The Week Ahead

The Week Ahead

Juncker talks state of the union. Macri tries to shore up trust. Aung San Suu Kyi visits U.S. BOE sets rates. U.S. sales figures released. All in The Week Ahead.

Juncker may give hints of EU path forward at parliamentary speech

On Wednesday, European Commission President Jean-Claude Juncker will give his “state of the union” speech to the European Parliament. While his speech has been kept under wraps up to this point, President Juncker may begin the discussion of what a European Union might look like without the United Kingdom. He is also expected to explore security and the EU economy.

The recent strong showing of the right wing AfD in German local elections last week has likely jolted EU leadership into further concerns that rising populism and populist movements across Europe will undermine EU priorities and initiatives. The UK vote on Brexit was driven at least in part by a crescendo of populism and anti-EU animus, and has upended ongoing international negotiations and created a surge of economic uncertainty to a continent suffering from persistently weak economic growth.

It is difficult to perceive exactly in what direction his speech is likely to go; the Socialists & Democrats chair indicated last week in a meeting with President Juncker that support from their caucus cannot be guaranteed in initiatives that have to run through the European Parliament, and the S&D presented a laundry list of priorities it wants addressed in order to continue supporting President Juncker. And with those on the center-right (including Angela Merkel’s Christian Democrats) looking to their right flank out of fear that an AfD, PiS, or UKIP may upend their position or control, the current strain of populism running through Europe could lead to political paralysis on both sides of the ideological spectrum. It will have to be up to leaders like President Juncker to weather this ongoing political crisis while trying to maintain a semblance of economic stability, though as recent votes have indicated, this will be very difficult to accomplish.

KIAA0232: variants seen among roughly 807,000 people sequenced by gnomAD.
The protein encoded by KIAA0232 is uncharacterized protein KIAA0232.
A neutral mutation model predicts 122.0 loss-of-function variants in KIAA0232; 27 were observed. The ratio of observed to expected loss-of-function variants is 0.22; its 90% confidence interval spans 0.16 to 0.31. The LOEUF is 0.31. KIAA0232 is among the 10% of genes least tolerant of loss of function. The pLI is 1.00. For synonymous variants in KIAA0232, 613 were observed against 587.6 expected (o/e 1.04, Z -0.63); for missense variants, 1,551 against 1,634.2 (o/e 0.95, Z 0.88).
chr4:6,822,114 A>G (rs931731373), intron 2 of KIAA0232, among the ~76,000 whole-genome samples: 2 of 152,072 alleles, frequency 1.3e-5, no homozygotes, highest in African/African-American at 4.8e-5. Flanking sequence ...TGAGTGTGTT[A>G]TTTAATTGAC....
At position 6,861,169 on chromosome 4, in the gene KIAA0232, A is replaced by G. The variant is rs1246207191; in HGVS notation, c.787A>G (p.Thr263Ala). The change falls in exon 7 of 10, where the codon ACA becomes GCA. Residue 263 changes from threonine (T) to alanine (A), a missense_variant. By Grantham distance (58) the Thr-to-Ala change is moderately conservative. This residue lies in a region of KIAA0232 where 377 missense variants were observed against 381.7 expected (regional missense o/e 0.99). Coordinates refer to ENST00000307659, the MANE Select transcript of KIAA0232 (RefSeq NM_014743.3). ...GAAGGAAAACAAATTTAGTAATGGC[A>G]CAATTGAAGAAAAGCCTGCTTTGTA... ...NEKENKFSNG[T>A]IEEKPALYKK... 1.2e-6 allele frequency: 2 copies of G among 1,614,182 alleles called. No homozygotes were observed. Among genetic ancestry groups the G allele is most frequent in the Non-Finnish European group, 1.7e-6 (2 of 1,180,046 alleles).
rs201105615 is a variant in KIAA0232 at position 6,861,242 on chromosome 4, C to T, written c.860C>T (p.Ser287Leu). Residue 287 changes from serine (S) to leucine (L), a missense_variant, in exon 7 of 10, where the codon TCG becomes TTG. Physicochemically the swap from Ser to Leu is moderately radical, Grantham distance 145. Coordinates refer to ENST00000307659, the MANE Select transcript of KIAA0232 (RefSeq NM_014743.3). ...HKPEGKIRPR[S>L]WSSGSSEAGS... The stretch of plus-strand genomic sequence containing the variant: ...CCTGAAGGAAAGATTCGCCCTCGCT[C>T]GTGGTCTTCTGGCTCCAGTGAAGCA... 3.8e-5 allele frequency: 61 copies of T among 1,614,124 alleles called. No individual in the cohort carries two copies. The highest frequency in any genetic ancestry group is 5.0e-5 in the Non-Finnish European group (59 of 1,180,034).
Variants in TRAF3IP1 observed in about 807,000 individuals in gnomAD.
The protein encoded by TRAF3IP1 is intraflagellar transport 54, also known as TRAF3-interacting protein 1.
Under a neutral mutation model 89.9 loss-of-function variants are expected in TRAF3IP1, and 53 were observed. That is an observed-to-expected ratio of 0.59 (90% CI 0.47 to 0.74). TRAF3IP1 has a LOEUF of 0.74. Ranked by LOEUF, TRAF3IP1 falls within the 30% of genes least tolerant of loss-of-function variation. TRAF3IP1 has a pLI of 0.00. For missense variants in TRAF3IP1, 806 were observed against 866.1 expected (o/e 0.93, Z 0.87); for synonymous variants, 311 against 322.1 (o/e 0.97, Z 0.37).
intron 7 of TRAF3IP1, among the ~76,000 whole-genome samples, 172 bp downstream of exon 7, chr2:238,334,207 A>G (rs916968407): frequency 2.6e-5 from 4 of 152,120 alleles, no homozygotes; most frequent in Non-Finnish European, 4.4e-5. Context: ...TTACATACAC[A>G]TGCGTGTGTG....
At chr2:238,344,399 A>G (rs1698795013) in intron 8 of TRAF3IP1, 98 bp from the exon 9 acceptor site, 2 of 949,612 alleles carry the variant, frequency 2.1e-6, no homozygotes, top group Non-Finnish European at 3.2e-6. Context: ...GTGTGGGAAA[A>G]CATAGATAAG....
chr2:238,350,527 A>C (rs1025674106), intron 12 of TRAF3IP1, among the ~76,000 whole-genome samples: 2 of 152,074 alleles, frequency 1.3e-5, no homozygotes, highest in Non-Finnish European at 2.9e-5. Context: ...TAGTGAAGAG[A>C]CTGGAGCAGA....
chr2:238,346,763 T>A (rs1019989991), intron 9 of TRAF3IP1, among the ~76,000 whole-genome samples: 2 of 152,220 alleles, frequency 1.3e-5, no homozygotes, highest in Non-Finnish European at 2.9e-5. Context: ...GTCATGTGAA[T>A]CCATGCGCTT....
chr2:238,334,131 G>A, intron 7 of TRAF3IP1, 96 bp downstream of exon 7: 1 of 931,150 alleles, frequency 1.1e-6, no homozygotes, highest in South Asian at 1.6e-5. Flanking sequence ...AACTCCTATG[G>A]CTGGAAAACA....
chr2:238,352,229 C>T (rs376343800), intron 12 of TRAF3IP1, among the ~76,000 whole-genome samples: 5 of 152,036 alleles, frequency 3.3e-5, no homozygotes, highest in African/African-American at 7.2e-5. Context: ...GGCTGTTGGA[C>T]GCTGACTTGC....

Argentina tries to turn around global market perceptions

On Tuesday, Argentina will host the Business and Investment Forum in Buenos Aires, with a major interview of President Mauricio Macri and major telecommunications leaders. With the election of PRO Buenos Aires mayor Macri last year over FpV candidate Daniel Scioli, the Argentine government has moved aggressively to regain trust with global markets. The Macri administration quickly concluded the Argentine government’s dispute with U.S. debt holdouts to allow for international market access.

It has also worked to reduce tensions with the UK over the Malvinas/Falkland Islands dispute, and has been relatively muted in its interactions with troublesome neighboring countries (particularly Venezuela). This is likely due, at least partially, to the fact that foreign minister Susana Malcorra is in the running to become the next Secretary General of the United Nations, following the conclusion of Ban Ki-Moons’ term (though recent straw polls with the UN Secretary Council would appear to indicate that the foreign minister’s bid may be falling behind, removing this from the table).